Session notes taken by Caroline Stauffer.
Marice – Colombia. Studies Lib and Info Science. Programs.
Probbas from MobileActive.org.
Babiola Bleu. Universidad de Chile Journalism Student.
Emily Jacobi Digital Democracy.
Anahi student director Ushahidi Chile Columbia SIPA
Caroline Stauffer Ushahidi-Chile @ SIPA
Bonnie Banks – consulting firm strategic planning and decision making.
Bernard – Global Voices. Italian editor.
Juan – Mexico NGO Redes Technological activism.
Gregory – Global Voices Russia. works with InterNews.
Session May 7 – Ushahidi (crisis)
Deploying Ushahidi more complicated than using it. Tech team working on the platform so it will be easy to deploy for anyone without technical knowledge.
Haiti – before Chile Earthquake.
Had no prior experience with Ushahidi before Haiti. Went to Fletcher School in Boston for 5 days – ended up in Haiti for two months.
Ushahidi is a platform for crowd sourcing crisis information following any sources of information available. Categorizing and putting it on a map.
People usually think Ushahidi is an NGO. (In Haiti / international orgs)… people thought it was an NGO working in Haiti. It is not – it is an Internet platform.
Ushahidi is like google – google doesn’t create info. for you – it gives you information that is already there.
Fletcher school in Tufts University Boston.
Disaster response – first time platform was deployed for such a large-scale disaster. At the first moments we just thought it was important to crowd-source info and map it… didn’t plan for it to end up like a 911 service to save people – but that’s where we ended up.
Taking information from media and compiling is one thing… but once you ask people to send you information about their needs – it is really a responsibility. We ended up linking up with responders – humanitarian NGOs who were taking action on those reports.
Started by identifying possible sources of information. People were taking text messages… also follow radio stations, different channels of information.
Twitter and Facebook are not greatest channels of information. Stuff is retweeted. No means for verification. But it was really crucial. Power of crowd sourcing – saw clustering of information… areas where we were getting most reports – areas that are badly affected. Had accurate GPS coordinates of schools, hospitals. We made a special list of this information on spreadsheets. Search and Rescue teams were deploying teams to these areas.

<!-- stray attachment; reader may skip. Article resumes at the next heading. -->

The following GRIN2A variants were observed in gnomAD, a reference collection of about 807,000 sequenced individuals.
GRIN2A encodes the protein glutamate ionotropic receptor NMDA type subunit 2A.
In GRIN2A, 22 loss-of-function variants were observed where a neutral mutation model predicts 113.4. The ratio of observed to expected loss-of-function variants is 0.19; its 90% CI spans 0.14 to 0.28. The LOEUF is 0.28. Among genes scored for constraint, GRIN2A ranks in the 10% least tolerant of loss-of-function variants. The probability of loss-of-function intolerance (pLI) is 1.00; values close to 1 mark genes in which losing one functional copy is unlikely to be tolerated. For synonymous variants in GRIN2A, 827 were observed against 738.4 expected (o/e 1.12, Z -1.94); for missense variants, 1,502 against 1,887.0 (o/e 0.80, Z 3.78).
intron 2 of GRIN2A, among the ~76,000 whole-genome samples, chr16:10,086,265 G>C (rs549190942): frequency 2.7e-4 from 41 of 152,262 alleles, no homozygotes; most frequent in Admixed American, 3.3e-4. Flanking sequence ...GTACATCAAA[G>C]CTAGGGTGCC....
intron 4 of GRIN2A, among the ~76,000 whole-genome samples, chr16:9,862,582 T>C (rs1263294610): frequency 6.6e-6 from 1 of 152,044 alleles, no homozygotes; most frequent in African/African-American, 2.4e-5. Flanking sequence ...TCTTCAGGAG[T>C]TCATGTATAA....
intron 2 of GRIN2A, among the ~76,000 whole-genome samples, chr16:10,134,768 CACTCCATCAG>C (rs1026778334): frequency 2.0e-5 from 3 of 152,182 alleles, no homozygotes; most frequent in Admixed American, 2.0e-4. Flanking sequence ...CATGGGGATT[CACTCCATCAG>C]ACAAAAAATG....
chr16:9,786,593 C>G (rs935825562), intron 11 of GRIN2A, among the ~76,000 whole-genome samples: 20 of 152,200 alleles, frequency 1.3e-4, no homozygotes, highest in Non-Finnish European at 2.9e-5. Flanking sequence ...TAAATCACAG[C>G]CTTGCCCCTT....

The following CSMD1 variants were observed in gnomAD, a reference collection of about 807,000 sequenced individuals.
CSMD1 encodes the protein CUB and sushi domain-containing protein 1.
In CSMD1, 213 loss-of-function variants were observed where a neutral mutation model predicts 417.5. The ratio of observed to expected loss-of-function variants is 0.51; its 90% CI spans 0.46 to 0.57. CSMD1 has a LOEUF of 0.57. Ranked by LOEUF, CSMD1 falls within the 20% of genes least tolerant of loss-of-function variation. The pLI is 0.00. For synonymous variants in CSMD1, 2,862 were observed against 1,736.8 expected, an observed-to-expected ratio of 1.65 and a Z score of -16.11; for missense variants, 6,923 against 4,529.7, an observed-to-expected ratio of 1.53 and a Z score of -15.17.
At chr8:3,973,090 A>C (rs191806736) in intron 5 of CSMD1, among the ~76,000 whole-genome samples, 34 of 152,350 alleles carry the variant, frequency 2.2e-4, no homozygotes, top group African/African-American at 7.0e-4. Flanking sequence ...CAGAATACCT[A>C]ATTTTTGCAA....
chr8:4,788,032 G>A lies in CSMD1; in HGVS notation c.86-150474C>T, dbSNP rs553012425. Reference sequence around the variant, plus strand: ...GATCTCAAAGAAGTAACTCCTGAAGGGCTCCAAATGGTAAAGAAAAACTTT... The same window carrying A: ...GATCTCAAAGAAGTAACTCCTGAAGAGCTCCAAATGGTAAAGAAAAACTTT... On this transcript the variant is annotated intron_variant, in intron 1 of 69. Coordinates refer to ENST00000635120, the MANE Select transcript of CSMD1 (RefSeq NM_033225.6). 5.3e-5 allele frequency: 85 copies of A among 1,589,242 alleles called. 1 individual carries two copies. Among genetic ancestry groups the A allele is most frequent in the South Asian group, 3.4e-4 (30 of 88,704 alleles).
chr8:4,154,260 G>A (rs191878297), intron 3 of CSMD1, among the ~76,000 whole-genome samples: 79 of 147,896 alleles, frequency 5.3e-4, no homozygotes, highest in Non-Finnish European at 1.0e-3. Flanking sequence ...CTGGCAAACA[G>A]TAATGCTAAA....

First few days – traditional media, and Twitter, Facebook.
Then got Short Code – hundreds of thousands of numbers coming…
Missing people – sent to Google people finder
Only actionable information is forwarded to search and rescue teams – means there is a location and a potential response. Mostly sent to US Coast Guards and Marines.
Crowdsourcing – more information is better – closer to reality.
Question – How to separate important for not relevant information?
Messages from all over area – know there’s something there when a certain mass is reached
How do people know about it?
Local radio stations on the ground in Haiti – some worked. Internews went around and broadcast short code.
Caroline and Anahi were already looking at Ushahidi Iraq.
In 24 hours we found ourselves managing the platform. In the beginning we thought situation was going to be very similar to Haiti but it wasn’t.
Needs emerging from media monitoring were different. Missing people. No information no Internet.
We first started monitoring media. Trying to collect as much information as possible.
First two weeks we had no idea if anyone was using it.
Then we started receiving info. from people saying we are using your information.
Got in contact with ChileAyuda. They set up a phone number for the platform.
Companies in Chile were not willing to give a Short Code.
We contacted immediately radio station. Radio Bio Bio broadcast our number a couple weeks later.
People texting us asking people to respond to their needs.
It was very difficult in the first three weeks to know how to manage information.
After a certain period of time realized there was no sense in running from New York.
Civil Society in Chile very strong – want to use to information for Reconstruction.
Trip to Chile: We weren’t expecting so much interest to use the Ushahidi platform. 10 meetings with different NGOs RECONSTRUYE ACCION Sur Maule. Training with San Sebastian University and La Frontera in Temuca. This setting up society.
Needs are changing a lot. What info needs to be done.
Ease at changing categories.